This is the ninth article in a 10-part series on successful open enrollment. Previous segments can be found here.
Picture: A plan sponsor works diligently to create the perfect retirement plan program for their participants. The plan design is matched to fit the needs of the organization and the participants, the right consultants and partners are in place, there’s buy-in from upper management, and it is cost effective. Then the plan in all its glory is presented to the very participants it was designed to benefit. And … nothing. All the planning and effort spent on putting forth a worthwhile benefit is met with palatable disinterest by participants. Enrollment is low and for all intents and purposes, the strategy is a flop.
Sadly, this hypothetical happens more often than one would hope.
Employers who struggle with open enrollment should rethink how they engage participants. When approaching the process, they should first step back and try to understand participant behavior, analyze what motivates them and adjust their approach to match.
Here are five best practices that should lead to enrollment success:
1. Don’t be boring. A cardinal sin that one can commit when trying to enroll participants into a retirement program is to be too dry. Be as excited about the plan as you want participants to be. Positivity is contagious.
2. Focus on today. From a behavioral standpoint, employers must realize that participants suffer from near-term biases. That is, they don’t want to delay gratification. Retirement is a far off, stranger’s world. Bring the focus back to today and how their plan benefits them now, whether it’s taking advantage of a company’s match, tax benefits or other opportunities.
3. Realign to participant concerns. Most participants have near-term financial concerns that — right or wrong — take precedence over a distant retirement. It can be anything from weddings to children to aging parents. Realize that these are tangible and immediate concerns. Or perhaps participants are overwhelmed by investing in general or uneducated on the plan itself. Every group has different needs. Tap into the pulse of the participant population to understand what motivates them and realign the message to fit.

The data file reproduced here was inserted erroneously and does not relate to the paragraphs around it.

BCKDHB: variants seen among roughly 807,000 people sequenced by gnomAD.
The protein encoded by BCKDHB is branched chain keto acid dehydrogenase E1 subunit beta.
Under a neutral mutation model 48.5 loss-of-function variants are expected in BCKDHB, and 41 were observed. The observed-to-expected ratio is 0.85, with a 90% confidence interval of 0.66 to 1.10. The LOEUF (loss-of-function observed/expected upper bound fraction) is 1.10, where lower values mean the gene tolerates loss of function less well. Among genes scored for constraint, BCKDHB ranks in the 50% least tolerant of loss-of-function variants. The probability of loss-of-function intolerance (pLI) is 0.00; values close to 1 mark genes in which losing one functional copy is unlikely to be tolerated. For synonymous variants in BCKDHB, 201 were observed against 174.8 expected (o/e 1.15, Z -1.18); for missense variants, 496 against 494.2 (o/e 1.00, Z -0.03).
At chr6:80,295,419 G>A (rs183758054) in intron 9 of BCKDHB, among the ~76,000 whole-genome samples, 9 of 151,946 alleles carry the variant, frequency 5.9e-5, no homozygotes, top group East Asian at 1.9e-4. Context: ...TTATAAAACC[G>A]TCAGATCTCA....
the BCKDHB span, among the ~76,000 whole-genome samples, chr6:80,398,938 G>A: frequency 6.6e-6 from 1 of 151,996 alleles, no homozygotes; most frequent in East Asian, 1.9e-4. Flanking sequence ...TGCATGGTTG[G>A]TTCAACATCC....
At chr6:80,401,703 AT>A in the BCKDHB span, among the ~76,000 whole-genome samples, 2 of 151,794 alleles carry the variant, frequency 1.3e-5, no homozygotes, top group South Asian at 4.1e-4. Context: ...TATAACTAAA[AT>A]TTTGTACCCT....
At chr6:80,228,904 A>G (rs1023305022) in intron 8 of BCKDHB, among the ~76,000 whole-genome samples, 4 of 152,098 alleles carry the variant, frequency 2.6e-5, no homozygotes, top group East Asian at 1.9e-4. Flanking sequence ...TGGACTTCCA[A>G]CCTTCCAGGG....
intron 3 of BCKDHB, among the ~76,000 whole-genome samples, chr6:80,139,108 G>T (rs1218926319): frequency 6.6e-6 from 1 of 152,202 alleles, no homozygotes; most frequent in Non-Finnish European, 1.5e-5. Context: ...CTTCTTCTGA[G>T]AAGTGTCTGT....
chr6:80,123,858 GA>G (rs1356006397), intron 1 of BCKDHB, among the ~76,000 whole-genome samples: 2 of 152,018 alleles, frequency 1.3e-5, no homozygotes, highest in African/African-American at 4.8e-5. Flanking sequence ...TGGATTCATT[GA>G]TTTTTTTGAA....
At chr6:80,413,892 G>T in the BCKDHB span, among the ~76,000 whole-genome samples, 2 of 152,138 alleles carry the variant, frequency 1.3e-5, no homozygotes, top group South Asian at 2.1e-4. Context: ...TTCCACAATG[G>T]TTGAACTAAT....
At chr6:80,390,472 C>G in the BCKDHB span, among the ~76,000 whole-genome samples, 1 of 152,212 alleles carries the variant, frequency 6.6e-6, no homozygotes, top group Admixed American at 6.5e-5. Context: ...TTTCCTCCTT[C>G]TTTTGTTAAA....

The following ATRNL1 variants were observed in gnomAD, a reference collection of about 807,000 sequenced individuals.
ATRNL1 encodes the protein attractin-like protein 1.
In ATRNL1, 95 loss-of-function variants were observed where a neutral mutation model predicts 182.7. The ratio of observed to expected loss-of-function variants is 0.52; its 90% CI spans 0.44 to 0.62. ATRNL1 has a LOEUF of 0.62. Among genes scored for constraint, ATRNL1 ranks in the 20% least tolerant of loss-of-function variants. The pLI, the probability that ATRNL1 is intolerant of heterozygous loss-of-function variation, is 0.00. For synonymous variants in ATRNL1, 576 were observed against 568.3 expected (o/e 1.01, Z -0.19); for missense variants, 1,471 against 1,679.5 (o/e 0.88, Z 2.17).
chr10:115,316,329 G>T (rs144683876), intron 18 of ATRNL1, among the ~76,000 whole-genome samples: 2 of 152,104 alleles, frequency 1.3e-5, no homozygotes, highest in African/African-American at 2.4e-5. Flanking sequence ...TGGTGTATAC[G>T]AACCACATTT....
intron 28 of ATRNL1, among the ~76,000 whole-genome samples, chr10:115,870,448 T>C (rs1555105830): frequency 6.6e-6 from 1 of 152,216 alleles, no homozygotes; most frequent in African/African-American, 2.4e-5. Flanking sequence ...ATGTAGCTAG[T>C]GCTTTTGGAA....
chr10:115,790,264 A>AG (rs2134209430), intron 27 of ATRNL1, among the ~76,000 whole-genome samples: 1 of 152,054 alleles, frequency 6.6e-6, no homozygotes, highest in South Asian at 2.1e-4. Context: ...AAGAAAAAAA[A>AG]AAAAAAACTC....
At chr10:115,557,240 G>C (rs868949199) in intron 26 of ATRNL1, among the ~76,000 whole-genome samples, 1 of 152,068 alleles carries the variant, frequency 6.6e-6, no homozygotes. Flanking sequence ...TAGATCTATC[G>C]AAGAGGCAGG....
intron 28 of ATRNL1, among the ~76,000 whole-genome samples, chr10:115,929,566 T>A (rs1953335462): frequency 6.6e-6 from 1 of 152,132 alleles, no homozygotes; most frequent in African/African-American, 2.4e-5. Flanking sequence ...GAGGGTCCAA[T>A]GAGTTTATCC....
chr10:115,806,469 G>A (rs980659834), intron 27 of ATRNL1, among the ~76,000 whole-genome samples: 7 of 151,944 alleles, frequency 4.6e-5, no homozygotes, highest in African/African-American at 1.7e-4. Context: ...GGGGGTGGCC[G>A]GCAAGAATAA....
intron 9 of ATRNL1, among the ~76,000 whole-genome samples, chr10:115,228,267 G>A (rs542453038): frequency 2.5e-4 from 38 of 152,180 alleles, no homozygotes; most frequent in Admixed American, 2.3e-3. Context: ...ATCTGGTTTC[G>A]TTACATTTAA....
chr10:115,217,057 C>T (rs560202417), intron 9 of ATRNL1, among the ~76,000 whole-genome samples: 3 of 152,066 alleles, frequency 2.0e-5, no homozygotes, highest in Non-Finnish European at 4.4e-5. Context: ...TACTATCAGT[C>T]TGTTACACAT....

4. Change the narrative. Instead of preaching the doom and gloom of an unprepared retirement, rally participants to empower themselves. Find their concerns and address them. Then, show how participating in the plan can help today. Immediate relevancy allows participants to be excited and resolved to improve.
5. Capitalize on momentum. Don’t be afraid to follow-up with wayward participants to see how the benefits staff can assist them. Inertia bias is the enemy, and you have to fight it at every step of the way. Don’t let it win.
Working to increase enrollment success comes down to a few factors: focusing on what’s actually important to participants, being as energetic and excited about the plan as possible, and persistence. Enrollment can be a thankless job, but when done with participants’ best interests in mind, success is achievable.
John Ludwig, ChFC, AIF, CRPS, is an LPL Financial advisor with LHD Retirement. Reach him at email@example.com.
This information was developed as a general guide to educate plan sponsors, but is not intended as authoritative guidance or tax or legal advice. Each plan has unique requirements, and you should consult your attorney or tax adviser for guidance on your specific situation. In no way does adviser assure that, by using the information provided, plan sponsor will be in compliance with ERISA regulations.
Securities and Advisory services offered through LPL Financial, a Registered Investment Advisor. Member FINRA/SIPC.
Tomorrow: Analyzing and improving open enrollment
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